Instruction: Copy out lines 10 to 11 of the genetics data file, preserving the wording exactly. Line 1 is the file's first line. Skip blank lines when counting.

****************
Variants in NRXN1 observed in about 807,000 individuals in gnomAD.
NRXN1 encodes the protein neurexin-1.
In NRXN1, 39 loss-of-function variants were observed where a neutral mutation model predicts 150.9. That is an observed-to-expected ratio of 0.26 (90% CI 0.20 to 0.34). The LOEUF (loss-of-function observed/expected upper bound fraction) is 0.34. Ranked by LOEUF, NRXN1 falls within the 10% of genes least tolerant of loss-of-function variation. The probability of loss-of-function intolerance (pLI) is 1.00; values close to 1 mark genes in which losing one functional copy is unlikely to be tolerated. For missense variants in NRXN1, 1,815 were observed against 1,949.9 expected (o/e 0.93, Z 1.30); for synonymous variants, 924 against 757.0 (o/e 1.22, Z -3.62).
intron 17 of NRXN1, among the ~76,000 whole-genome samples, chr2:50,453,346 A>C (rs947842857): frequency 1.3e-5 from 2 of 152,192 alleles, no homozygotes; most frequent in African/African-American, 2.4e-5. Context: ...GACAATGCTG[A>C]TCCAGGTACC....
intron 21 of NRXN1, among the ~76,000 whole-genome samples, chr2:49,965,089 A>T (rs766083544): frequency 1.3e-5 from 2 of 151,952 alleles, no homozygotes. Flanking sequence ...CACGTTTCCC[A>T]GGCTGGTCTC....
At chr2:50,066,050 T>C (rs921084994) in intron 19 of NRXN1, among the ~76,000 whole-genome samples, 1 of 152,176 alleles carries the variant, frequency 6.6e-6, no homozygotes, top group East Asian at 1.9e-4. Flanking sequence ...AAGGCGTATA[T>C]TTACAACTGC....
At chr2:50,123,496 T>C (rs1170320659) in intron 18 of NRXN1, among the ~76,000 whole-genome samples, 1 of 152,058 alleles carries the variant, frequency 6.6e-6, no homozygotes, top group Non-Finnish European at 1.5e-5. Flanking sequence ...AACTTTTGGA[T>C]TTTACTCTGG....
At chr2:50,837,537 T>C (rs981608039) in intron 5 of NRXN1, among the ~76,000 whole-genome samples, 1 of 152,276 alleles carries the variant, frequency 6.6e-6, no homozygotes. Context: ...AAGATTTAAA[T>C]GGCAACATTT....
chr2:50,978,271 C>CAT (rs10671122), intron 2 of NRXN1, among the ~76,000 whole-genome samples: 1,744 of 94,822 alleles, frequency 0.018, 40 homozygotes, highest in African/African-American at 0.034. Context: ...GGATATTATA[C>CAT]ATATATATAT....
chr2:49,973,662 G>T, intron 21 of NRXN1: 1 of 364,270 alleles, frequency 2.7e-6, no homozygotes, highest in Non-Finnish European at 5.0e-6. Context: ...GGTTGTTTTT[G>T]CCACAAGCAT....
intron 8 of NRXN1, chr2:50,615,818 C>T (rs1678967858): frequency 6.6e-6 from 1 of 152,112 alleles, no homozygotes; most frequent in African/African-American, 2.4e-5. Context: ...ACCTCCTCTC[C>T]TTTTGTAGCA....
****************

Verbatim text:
chr2:49,973,662 G>T, intron 21 of NRXN1: 1 of 364,270 alleles, frequency 2.7e-6, no homozygotes, highest in Non-Finnish European at 5.0e-6. Context: ...GGTTGTTTTT[G>T]CCACAAGCAT....
intron 8 of NRXN1, chr2:50,615,818 C>T (rs1678967858): frequency 6.6e-6 from 1 of 152,112 alleles, no homozygotes; most frequent in African/African-American, 2.4e-5. Context: ...ACCTCCTCTC[C>T]TTTTGTAGCA....